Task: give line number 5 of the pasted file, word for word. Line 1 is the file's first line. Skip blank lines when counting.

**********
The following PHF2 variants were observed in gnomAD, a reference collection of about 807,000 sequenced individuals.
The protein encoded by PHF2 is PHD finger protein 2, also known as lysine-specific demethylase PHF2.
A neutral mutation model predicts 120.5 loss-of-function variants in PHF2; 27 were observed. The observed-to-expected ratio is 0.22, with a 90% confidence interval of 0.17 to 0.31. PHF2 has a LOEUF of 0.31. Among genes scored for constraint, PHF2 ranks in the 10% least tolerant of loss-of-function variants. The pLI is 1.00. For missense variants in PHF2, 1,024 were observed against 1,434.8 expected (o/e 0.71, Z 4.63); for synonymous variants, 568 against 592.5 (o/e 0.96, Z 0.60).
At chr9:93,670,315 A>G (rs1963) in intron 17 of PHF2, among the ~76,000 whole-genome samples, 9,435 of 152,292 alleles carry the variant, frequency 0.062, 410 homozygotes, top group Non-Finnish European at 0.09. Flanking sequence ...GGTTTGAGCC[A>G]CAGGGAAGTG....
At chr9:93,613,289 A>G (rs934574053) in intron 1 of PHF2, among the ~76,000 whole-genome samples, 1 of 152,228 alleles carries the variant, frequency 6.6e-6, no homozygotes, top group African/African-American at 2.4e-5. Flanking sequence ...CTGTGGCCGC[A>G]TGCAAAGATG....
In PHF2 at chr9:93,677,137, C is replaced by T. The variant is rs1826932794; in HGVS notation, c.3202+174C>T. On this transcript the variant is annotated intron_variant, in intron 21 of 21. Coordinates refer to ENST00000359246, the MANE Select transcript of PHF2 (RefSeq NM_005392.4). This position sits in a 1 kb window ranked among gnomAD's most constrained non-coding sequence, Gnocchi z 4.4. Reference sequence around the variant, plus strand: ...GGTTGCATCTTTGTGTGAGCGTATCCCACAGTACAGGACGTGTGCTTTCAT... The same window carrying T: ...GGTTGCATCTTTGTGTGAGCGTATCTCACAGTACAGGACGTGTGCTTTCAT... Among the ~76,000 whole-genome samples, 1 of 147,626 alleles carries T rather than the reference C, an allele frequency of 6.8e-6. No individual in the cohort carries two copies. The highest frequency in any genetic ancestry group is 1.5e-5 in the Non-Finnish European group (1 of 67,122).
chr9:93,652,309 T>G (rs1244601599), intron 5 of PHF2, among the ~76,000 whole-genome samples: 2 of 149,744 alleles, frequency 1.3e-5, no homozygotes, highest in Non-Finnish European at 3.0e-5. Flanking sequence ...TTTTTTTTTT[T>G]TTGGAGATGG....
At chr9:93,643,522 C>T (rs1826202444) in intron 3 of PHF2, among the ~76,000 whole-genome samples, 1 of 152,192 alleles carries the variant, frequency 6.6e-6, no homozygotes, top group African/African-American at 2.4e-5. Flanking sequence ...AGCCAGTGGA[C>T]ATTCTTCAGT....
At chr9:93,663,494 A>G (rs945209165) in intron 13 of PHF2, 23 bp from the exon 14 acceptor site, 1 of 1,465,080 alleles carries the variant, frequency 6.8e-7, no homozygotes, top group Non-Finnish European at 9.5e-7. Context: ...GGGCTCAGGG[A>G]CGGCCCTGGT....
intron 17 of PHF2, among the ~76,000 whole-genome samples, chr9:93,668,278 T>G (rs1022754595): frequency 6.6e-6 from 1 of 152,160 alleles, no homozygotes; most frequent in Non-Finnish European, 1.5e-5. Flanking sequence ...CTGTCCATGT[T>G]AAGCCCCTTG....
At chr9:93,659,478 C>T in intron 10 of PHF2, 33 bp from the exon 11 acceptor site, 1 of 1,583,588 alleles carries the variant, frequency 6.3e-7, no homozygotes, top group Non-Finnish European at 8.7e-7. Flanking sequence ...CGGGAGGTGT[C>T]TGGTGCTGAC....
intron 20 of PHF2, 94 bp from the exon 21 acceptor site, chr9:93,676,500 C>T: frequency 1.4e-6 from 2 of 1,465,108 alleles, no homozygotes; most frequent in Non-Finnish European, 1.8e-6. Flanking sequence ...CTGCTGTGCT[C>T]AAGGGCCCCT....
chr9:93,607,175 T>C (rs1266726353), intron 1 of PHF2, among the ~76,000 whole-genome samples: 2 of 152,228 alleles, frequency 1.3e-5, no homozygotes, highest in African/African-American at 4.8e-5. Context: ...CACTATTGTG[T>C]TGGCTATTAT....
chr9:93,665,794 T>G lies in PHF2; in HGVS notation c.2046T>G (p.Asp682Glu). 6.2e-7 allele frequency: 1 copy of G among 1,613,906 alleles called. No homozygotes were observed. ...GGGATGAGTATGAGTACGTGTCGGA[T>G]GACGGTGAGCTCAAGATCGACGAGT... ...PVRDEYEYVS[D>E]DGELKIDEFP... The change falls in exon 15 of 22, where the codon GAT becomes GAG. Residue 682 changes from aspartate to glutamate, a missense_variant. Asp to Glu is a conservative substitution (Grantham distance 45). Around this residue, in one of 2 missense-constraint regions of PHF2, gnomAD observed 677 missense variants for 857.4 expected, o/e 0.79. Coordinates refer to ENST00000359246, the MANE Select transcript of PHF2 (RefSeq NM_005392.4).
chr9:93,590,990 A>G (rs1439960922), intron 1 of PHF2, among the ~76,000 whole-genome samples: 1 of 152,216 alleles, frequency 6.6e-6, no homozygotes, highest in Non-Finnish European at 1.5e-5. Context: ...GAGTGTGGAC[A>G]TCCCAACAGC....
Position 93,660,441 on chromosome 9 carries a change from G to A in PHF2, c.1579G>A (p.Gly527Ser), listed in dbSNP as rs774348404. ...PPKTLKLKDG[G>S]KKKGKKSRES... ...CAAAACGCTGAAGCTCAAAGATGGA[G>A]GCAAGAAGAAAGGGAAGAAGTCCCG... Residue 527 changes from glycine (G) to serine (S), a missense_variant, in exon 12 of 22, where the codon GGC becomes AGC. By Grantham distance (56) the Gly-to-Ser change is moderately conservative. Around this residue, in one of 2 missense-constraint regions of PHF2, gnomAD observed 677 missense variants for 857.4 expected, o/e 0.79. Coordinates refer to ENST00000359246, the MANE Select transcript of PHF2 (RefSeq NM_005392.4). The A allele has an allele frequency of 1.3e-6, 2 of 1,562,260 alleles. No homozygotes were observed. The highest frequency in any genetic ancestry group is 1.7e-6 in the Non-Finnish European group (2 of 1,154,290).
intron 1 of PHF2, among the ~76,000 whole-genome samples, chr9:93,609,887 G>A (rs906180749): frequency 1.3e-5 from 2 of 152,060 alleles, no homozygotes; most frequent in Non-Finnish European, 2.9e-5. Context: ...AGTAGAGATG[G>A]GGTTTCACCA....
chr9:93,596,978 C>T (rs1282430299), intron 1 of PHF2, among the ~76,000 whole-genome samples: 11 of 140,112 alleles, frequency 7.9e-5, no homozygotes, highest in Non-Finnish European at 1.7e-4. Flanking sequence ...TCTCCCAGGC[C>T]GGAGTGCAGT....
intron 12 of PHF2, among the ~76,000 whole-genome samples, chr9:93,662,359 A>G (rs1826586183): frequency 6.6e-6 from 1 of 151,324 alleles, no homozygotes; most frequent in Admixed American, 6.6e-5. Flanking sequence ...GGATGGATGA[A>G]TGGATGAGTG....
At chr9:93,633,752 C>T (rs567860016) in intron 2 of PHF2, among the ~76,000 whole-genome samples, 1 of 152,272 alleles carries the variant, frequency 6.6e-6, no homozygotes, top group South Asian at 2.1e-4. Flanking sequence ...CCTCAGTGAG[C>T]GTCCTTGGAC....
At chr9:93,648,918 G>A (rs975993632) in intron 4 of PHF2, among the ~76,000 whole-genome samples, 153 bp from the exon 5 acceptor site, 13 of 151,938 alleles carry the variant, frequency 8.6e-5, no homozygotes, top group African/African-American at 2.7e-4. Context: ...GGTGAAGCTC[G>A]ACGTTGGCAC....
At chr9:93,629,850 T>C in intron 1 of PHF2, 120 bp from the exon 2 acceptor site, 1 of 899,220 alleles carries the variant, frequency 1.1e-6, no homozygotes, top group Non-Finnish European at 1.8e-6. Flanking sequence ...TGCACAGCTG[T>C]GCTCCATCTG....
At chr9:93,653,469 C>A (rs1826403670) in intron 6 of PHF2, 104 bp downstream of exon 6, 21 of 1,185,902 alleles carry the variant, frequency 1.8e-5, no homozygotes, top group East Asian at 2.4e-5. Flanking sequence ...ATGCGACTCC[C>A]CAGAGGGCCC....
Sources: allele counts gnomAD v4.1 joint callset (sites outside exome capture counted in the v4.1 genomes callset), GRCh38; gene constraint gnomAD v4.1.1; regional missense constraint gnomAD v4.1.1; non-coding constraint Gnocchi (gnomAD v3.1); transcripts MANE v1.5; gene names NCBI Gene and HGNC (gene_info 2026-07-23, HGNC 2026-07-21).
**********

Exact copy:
At chr9:93,613,289 A>G (rs934574053) in intron 1 of PHF2, among the ~76,000 whole-genome samples, 1 of 152,228 alleles carries the variant, frequency 6.6e-6, no homozygotes, top group African/African-American at 2.4e-5. Flanking sequence ...CTGTGGCCGC[A>G]TGCAAAGATG....